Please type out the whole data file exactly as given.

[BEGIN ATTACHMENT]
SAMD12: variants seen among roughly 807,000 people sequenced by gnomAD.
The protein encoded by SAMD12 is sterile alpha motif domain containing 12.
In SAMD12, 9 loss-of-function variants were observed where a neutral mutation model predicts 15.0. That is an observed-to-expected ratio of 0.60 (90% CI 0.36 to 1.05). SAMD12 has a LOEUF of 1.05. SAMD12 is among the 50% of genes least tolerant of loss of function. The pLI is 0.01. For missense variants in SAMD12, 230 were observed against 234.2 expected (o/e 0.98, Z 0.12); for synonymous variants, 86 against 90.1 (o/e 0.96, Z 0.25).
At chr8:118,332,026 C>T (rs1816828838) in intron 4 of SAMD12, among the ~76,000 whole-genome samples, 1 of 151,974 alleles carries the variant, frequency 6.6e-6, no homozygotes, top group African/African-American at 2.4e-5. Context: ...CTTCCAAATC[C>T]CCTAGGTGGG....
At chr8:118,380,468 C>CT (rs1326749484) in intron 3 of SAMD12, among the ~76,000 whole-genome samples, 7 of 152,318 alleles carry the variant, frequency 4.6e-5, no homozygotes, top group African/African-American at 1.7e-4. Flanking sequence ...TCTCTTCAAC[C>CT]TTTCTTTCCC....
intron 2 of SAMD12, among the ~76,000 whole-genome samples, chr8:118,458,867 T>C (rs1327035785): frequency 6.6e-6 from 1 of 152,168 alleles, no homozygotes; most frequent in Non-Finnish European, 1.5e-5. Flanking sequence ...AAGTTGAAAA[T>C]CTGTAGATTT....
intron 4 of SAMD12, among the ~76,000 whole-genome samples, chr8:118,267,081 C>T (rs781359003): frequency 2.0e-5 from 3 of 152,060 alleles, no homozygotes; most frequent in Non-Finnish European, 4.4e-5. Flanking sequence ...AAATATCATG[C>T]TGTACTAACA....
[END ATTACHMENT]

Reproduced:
SAMD12: variants seen among roughly 807,000 people sequenced by gnomAD.
The protein encoded by SAMD12 is sterile alpha motif domain containing 12.
In SAMD12, 9 loss-of-function variants were observed where a neutral mutation model predicts 15.0. That is an observed-to-expected ratio of 0.60 (90% CI 0.36 to 1.05). SAMD12 has a LOEUF of 1.05. SAMD12 is among the 50% of genes least tolerant of loss of function. The pLI is 0.01. For missense variants in SAMD12, 230 were observed against 234.2 expected (o/e 0.98, Z 0.12); for synonymous variants, 86 against 90.1 (o/e 0.96, Z 0.25).
At chr8:118,332,026 C>T (rs1816828838) in intron 4 of SAMD12, among the ~76,000 whole-genome samples, 1 of 151,974 alleles carries the variant, frequency 6.6e-6, no homozygotes, top group African/African-American at 2.4e-5. Context: ...CTTCCAAATC[C>T]CCTAGGTGGG....
At chr8:118,380,468 C>CT (rs1326749484) in intron 3 of SAMD12, among the ~76,000 whole-genome samples, 7 of 152,318 alleles carry the variant, frequency 4.6e-5, no homozygotes, top group African/African-American at 1.7e-4. Flanking sequence ...TCTCTTCAAC[C>CT]TTTCTTTCCC....
intron 2 of SAMD12, among the ~76,000 whole-genome samples, chr8:118,458,867 T>C (rs1327035785): frequency 6.6e-6 from 1 of 152,168 alleles, no homozygotes; most frequent in Non-Finnish European, 1.5e-5. Flanking sequence ...AAGTTGAAAA[T>C]CTGTAGATTT....
intron 4 of SAMD12, among the ~76,000 whole-genome samples, chr8:118,267,081 C>T (rs781359003): frequency 2.0e-5 from 3 of 152,060 alleles, no homozygotes; most frequent in Non-Finnish European, 4.4e-5. Flanking sequence ...AAATATCATG[C>T]TGTACTAACA....